Cape Town – Armed wildlife rangers and police scoured farmland around a small town in Mpumalanga on Tuesday for five lions that escaped from the country's main national park.
The animals broke free from the Kruger park on Monday morning close to Komatipoort, a community of about 5 000 people.
"We believe it is five lions, and they are in the sugar cane fields near the border with Mozambique," said park spokesperson Reynold Thakuli.
Trackers will attempt to recapture them using tranquiliser guns. The area around Kruger – one of the country's main tourist attractions contains villages and farms that also raise cattle, putting livestock as well as people at risk of attack.
In 2015, a lion named Sylvester crawled under an electric fence at another park and went on a three-week sheep-killing spree before he was found by rangers taking a nap.
The cat was earlier this year released back into wild from a 200-hectare (about 2 squared kilometres) holding enclosure.
South Africa is virtually the only African country that contains its big, dangerous wildlife in fenced reserves.
In other African states, whose governments do not have the resources for fencing or capture operations, lions and other alpha animals frequently stray outside the boundaries of protected areas.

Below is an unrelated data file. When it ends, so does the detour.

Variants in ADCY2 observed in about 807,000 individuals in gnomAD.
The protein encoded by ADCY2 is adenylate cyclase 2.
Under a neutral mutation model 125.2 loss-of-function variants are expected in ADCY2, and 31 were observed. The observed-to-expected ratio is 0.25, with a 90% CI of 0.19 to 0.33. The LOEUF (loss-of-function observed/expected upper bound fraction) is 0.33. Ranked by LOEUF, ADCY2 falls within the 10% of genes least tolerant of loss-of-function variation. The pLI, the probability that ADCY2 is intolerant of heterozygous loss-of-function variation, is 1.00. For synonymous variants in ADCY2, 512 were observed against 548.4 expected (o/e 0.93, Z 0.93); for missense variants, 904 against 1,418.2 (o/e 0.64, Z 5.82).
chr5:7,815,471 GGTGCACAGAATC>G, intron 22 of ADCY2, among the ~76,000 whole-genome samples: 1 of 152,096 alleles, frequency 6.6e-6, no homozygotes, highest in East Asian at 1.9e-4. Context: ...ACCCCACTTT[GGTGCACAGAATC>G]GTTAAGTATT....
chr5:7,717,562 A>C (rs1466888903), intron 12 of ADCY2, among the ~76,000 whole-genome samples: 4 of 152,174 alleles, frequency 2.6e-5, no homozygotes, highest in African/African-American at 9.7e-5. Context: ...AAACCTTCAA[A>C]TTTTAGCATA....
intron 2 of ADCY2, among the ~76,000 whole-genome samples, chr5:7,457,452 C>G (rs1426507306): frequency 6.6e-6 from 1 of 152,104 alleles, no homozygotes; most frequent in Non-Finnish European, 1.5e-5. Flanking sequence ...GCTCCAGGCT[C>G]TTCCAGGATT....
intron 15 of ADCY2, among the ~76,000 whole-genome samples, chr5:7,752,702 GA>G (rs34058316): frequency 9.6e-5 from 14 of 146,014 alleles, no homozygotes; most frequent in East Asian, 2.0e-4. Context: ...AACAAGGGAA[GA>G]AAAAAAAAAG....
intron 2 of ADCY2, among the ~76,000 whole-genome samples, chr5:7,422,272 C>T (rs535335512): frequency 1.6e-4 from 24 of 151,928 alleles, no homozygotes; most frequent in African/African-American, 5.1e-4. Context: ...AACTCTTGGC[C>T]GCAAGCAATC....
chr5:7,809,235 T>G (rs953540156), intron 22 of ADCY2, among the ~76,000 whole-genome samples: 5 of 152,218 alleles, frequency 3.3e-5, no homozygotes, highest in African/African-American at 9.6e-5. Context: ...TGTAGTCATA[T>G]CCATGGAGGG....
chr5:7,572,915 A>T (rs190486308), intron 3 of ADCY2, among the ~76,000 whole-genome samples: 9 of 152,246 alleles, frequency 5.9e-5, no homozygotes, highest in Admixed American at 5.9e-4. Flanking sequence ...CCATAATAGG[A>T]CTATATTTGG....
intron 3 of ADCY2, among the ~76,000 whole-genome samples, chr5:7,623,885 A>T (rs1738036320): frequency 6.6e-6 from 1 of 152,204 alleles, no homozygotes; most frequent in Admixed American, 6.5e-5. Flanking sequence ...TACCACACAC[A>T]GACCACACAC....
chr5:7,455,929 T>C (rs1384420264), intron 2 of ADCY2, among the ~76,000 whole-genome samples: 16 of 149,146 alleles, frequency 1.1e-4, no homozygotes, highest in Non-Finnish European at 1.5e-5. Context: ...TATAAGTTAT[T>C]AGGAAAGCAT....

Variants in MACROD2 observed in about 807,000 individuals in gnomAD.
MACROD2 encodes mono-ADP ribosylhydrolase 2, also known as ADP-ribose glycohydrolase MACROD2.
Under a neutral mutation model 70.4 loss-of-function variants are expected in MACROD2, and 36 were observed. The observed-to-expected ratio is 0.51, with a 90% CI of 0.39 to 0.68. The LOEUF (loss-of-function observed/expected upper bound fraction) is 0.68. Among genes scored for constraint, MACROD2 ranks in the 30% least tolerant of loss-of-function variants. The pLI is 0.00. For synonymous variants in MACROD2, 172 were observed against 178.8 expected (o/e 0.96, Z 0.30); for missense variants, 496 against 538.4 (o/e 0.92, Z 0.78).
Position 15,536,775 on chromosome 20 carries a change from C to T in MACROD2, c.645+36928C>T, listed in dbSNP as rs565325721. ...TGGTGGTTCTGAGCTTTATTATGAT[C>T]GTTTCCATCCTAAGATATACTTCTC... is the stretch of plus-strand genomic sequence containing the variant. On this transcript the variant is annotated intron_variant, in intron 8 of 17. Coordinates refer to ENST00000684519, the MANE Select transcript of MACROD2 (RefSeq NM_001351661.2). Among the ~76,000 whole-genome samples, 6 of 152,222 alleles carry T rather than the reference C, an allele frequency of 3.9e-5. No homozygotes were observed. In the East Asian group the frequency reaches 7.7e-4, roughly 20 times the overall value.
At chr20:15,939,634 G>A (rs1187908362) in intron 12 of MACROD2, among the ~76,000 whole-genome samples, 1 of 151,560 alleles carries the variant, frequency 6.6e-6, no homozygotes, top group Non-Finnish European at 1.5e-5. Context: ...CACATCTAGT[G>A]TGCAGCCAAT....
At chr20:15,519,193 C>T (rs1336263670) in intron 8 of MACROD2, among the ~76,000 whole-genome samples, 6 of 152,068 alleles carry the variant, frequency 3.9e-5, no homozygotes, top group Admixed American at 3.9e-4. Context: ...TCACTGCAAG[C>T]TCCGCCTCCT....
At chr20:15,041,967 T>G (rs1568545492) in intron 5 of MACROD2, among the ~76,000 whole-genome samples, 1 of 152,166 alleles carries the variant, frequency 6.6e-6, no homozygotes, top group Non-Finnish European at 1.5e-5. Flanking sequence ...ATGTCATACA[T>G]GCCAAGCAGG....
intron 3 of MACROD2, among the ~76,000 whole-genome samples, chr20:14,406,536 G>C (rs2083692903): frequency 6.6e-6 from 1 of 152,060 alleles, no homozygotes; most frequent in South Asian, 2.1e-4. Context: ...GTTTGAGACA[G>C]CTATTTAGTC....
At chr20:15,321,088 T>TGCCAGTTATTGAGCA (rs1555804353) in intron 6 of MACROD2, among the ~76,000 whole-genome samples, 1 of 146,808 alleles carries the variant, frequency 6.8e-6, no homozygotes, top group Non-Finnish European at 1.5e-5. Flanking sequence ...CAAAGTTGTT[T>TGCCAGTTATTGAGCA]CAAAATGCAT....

Mpumalanga police spokesperson Brigadier Leonard Hlathi warned pedestrians and motorists to keep alert for the roaming lions.
After escaping on Monday morning, it is reported that the lions already tried to catch cattle near the highway on Monday evening.
Despite the wild animals posing a threat to people, Twitter could not resist making light of the situation.
Did these lions hold a group discussion and came up with a strategy on how to escape?Five is just too much man.😂 #LionsEscape— Broken Crayon ✏ (@TholangMatsoso1) May 9, 2017
Why am I reminded of Madagascar... #LionsEscape— Ms Shedile (@ShedzR) May 9, 2017
#LionsEscape It's Karma in form of animalia. Hope they get located in my miserable exs' lives and put bitches out of their miseries.— Keep Out! (@freakthegenie) May 9, 2017
Tweeps also (hopefully playfully) said they will use it as an excuse to not go anywhere...including work.
Boss: why you not at work?
— The invisible man (@invisibleman_17) May 9, 2017
Others also expressed concern and did not see the humour in the roaming lions.
#LionsEscape Dear God, please protect the kids walking to school & back home as well as the people in the rural communities.🙏— Zoe Moloi (@Mol_Zoe) May 9, 2017
The way tweeps turn everything in to a joke though😕👐#LionsEscape— #HireAGraduate👈 (@MaftaneA) May 9, 2017
I'm in Mpumalanga right now & I'm so scared to leave the house because of this #LionsEscape 😢😢
— RaisedInAfrica (@paballo_patsa) May 9, 2017
IOL and Reuters